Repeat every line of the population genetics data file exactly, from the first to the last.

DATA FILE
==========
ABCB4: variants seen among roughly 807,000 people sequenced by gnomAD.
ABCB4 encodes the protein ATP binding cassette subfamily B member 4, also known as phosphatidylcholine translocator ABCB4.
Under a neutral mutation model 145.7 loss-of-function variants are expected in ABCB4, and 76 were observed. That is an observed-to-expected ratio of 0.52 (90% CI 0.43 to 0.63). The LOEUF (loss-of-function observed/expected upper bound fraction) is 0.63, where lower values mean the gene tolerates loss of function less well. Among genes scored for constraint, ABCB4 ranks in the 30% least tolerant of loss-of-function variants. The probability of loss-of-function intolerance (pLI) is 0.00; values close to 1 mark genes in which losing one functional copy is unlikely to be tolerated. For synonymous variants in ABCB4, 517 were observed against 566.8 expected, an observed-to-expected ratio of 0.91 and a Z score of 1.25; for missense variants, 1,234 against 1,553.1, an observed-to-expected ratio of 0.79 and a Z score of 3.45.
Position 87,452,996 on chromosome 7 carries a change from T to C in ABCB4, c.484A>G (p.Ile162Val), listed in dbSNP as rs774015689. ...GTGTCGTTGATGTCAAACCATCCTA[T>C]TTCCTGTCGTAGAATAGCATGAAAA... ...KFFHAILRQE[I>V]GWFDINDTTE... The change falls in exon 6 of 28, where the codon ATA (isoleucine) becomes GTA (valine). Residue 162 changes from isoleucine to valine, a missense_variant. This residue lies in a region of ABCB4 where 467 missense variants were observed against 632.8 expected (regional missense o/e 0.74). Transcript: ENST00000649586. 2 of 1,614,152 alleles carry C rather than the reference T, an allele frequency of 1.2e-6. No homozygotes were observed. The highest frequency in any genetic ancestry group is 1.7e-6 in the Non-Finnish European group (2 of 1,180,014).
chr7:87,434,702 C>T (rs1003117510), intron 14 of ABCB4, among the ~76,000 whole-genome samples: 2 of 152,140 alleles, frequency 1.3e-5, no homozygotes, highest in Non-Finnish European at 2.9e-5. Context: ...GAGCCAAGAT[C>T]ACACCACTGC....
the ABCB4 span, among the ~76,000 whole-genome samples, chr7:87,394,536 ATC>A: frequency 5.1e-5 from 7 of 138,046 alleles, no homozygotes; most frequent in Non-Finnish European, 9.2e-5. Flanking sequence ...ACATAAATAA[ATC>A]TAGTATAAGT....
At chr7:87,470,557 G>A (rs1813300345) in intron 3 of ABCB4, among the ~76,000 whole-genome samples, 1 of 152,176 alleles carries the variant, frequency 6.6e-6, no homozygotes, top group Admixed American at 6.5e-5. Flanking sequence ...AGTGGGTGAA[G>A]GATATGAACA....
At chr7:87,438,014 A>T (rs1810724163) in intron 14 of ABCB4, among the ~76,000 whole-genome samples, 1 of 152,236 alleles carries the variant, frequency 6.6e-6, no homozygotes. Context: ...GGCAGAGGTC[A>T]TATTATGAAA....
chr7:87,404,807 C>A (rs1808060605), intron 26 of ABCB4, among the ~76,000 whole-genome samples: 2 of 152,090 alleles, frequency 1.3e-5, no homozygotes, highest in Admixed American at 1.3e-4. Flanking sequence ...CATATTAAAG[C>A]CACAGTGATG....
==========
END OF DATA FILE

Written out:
ABCB4: variants seen among roughly 807,000 people sequenced by gnomAD.
ABCB4 encodes the protein ATP binding cassette subfamily B member 4, also known as phosphatidylcholine translocator ABCB4.
Under a neutral mutation model 145.7 loss-of-function variants are expected in ABCB4, and 76 were observed. That is an observed-to-expected ratio of 0.52 (90% CI 0.43 to 0.63). The LOEUF (loss-of-function observed/expected upper bound fraction) is 0.63, where lower values mean the gene tolerates loss of function less well. Among genes scored for constraint, ABCB4 ranks in the 30% least tolerant of loss-of-function variants. The probability of loss-of-function intolerance (pLI) is 0.00; values close to 1 mark genes in which losing one functional copy is unlikely to be tolerated. For synonymous variants in ABCB4, 517 were observed against 566.8 expected, an observed-to-expected ratio of 0.91 and a Z score of 1.25; for missense variants, 1,234 against 1,553.1, an observed-to-expected ratio of 0.79 and a Z score of 3.45.
Position 87,452,996 on chromosome 7 carries a change from T to C in ABCB4, c.484A>G (p.Ile162Val), listed in dbSNP as rs774015689. ...GTGTCGTTGATGTCAAACCATCCTA[T>C]TTCCTGTCGTAGAATAGCATGAAAA... ...KFFHAILRQE[I>V]GWFDINDTTE... The change falls in exon 6 of 28, where the codon ATA (isoleucine) becomes GTA (valine). Residue 162 changes from isoleucine to valine, a missense_variant. This residue lies in a region of ABCB4 where 467 missense variants were observed against 632.8 expected (regional missense o/e 0.74). Transcript: ENST00000649586. 2 of 1,614,152 alleles carry C rather than the reference T, an allele frequency of 1.2e-6. No homozygotes were observed. The highest frequency in any genetic ancestry group is 1.7e-6 in the Non-Finnish European group (2 of 1,180,014).
chr7:87,434,702 C>T (rs1003117510), intron 14 of ABCB4, among the ~76,000 whole-genome samples: 2 of 152,140 alleles, frequency 1.3e-5, no homozygotes, highest in Non-Finnish European at 2.9e-5. Context: ...GAGCCAAGAT[C>T]ACACCACTGC....
the ABCB4 span, among the ~76,000 whole-genome samples, chr7:87,394,536 ATC>A: frequency 5.1e-5 from 7 of 138,046 alleles, no homozygotes; most frequent in Non-Finnish European, 9.2e-5. Flanking sequence ...ACATAAATAA[ATC>A]TAGTATAAGT....
At chr7:87,470,557 G>A (rs1813300345) in intron 3 of ABCB4, among the ~76,000 whole-genome samples, 1 of 152,176 alleles carries the variant, frequency 6.6e-6, no homozygotes, top group Admixed American at 6.5e-5. Flanking sequence ...AGTGGGTGAA[G>A]GATATGAACA....
At chr7:87,438,014 A>T (rs1810724163) in intron 14 of ABCB4, among the ~76,000 whole-genome samples, 1 of 152,236 alleles carries the variant, frequency 6.6e-6, no homozygotes. Context: ...GGCAGAGGTC[A>T]TATTATGAAA....
chr7:87,404,807 C>A (rs1808060605), intron 26 of ABCB4, among the ~76,000 whole-genome samples: 2 of 152,090 alleles, frequency 1.3e-5, no homozygotes, highest in Admixed American at 1.3e-4. Flanking sequence ...CATATTAAAG[C>A]CACAGTGATG....